BMW unleashes rockets at runway
On a day that promised rain after weeks of dry weather, BMW got lucky with sunny proceedings for the launch to customers and press of the sixth-generation M3 and M4. The event proper took place on the main concrete runway of the North Shore Aero Club.
Unfortunately, because of rules and regulations, we got no time behind the wheel of either car but did get some seat time as a passenger. So we experienced the sound and fury of the new M cars, and even some drifting action that didn’t end entirely as planned. But it was certainly a tantalising taste of what’s to come.
BMW New Zealand’s chief, Karol Abrasowicz-Madej, kicked off proceedings, giving an outline of the M3’s history and introduced the latest pair of hotshoes. He said that despite the headwinds of 2020 and the coronavirus pandemic, the M division sold over 144,000 vehicles last year, up six per cent on 2019, and comfortably ahead of its nearest AMG rival (125,000).
The first generation of the M3 was produced between 1986 and 1991, with nearly 20,000 sold, but the second generation was more successful, the M division selling 71,000, and over 110,000 of the current generation have been retailed.
Tim Michaelson, BMW NZ’s product manager, mentioned that one in every four BMWs sold here is an M vehicle. For the latest generation of M3, New Zealand is taking only the top Competition model - the same applies for the M4 - and, unlike in European markets, the manual transmission will not be offered (unless you really want one). Instead, New Zealand takes the variant with the eight-speed automatic.
With 375kW and 650Nm going to the rear wheels, BMW suggests that the M3 and M4 can run from standstill to the open road limit in 3.9sec, a smidge quicker than the Gen V model which featured a seven-speed dual-clutch transmission. Dynamics are also said to be improved, as are tech levels.
Options include carbon packages for the exterior ($9500) and interior, M carbon bucket seats that are harness ready and power operated ($7500), M carbon ceramic brakes ($16,500), titanium exhaust, and a host of other exotic bits and pieces.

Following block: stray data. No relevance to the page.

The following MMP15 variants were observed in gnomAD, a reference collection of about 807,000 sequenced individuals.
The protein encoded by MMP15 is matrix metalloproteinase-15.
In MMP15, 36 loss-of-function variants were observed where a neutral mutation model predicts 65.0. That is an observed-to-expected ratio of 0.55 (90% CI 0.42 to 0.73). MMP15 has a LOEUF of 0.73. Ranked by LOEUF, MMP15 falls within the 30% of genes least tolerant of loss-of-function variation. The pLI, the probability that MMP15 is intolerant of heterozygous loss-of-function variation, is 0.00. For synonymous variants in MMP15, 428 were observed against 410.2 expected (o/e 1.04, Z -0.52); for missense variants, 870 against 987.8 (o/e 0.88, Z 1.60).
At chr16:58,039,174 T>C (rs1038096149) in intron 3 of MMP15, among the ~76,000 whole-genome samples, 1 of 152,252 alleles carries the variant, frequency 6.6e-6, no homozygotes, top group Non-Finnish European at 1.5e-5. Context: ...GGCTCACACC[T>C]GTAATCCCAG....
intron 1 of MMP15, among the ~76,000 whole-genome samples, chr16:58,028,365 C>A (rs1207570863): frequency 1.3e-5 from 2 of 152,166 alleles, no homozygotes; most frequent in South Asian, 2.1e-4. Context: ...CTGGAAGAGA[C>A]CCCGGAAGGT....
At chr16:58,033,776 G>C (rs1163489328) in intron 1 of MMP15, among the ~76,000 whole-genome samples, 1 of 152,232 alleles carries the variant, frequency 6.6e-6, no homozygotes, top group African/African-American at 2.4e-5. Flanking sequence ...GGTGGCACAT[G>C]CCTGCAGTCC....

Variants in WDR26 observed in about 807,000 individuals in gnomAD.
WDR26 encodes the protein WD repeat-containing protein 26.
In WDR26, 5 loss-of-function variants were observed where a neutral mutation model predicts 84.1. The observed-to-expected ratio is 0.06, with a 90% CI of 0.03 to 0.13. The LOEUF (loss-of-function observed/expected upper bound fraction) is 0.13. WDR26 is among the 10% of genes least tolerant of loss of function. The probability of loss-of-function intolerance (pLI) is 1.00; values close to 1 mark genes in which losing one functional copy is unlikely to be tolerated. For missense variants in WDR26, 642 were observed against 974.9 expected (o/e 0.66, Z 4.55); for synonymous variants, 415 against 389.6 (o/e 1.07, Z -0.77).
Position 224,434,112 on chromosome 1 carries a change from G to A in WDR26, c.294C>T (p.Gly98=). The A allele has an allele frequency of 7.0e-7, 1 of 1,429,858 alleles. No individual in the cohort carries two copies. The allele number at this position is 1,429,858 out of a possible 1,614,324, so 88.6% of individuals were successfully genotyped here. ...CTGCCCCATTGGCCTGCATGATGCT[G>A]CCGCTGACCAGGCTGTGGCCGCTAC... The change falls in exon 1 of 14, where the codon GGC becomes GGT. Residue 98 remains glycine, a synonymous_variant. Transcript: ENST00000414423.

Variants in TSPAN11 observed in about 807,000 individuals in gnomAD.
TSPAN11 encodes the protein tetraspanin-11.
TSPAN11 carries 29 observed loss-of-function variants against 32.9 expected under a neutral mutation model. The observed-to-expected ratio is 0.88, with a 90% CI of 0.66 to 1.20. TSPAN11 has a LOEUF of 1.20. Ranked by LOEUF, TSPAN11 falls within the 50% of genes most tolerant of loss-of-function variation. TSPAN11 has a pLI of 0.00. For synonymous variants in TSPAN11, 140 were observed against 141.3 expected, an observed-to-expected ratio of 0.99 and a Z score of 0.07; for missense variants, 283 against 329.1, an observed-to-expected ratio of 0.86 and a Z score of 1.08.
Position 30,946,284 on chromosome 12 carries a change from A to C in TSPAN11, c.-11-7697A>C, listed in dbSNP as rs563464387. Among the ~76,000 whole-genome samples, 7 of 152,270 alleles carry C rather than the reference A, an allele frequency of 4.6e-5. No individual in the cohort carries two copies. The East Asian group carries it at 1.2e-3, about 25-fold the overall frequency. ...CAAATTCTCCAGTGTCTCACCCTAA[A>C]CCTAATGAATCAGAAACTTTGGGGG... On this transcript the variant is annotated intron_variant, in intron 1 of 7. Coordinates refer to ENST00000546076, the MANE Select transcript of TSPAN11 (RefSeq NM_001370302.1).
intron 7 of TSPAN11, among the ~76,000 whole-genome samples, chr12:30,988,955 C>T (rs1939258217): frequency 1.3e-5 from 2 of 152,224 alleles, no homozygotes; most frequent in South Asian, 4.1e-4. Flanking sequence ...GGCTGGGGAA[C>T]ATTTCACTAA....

The ride experience kicked off with the landing of the only Black Hawk UH-60 helicopter in New Zealand, the heavy lifter threatening to blow away the proceedings. And then attendees got to experience full-bore acceleration and slalom action on the main aeroclub runway.
From back at the hangar you couldn’t hear that much, but inside the M3/4 there’s plenty of aural drama to take in. And on the drama front, the interior is very much up to speed, with four exquisite two-tone colour match ups for the ‘Merino’ leather upholstery and piles of carbon finishings to accentuate the speed and dynamics of the vehicles.
Of which there was plenty; the engine spins to around 7200rpm but it’s the acceleration across the midband that is so intoxicating. Both the demonstration vehicles, one in Sao Paulo Yellow and the other in Isle of Man Green, had conventional braking systems which seemed to be perfectly adequate for the task. You’d only opt for the carbon brakes if you envisage lots of track time ahead. Both drivers commented on how well the cars handled compared with the fifth generation, and they were certainly planted, level and quick through the slalom run of cones.
For the final runs we were privy to a little drifting action at the far end of the runway, following a road that ran around the boundary of the airfield.
With TC totally off, the M4 took little persuasion to achieve over 22 degrees of slip action in one direction, flicking back with even more enthusiasm
the other way, but on the following change of direction centrifugal force took over and we ended up facing the wrong way on the grass. So the drift
monitor allocated only four out of five stars for that run; two brilliantly well executed and a DNF.
It’s not that the fifth generation was exactly deficient on the sideways action front; we were passengers for a very memorable smoky lap of Portimao drift action at the launch of that vehicle. BMW is also set to offer AWD versions of the M3 and M4 here in the future, if the added security is needed though, like the M5, the drive to the front wheels can be disconnected if desired.
The M3 and M4 are essentially unchanged in price from Gen V, the four-door Competition Sedan going for $168,900 and the M4 Competition Coupe selling for $172,900. Both come with a five-year/100,000km warranty and three years of free servicing (unlimited km) and connected drive services. We hope to report on a drive experience with the pair very soon.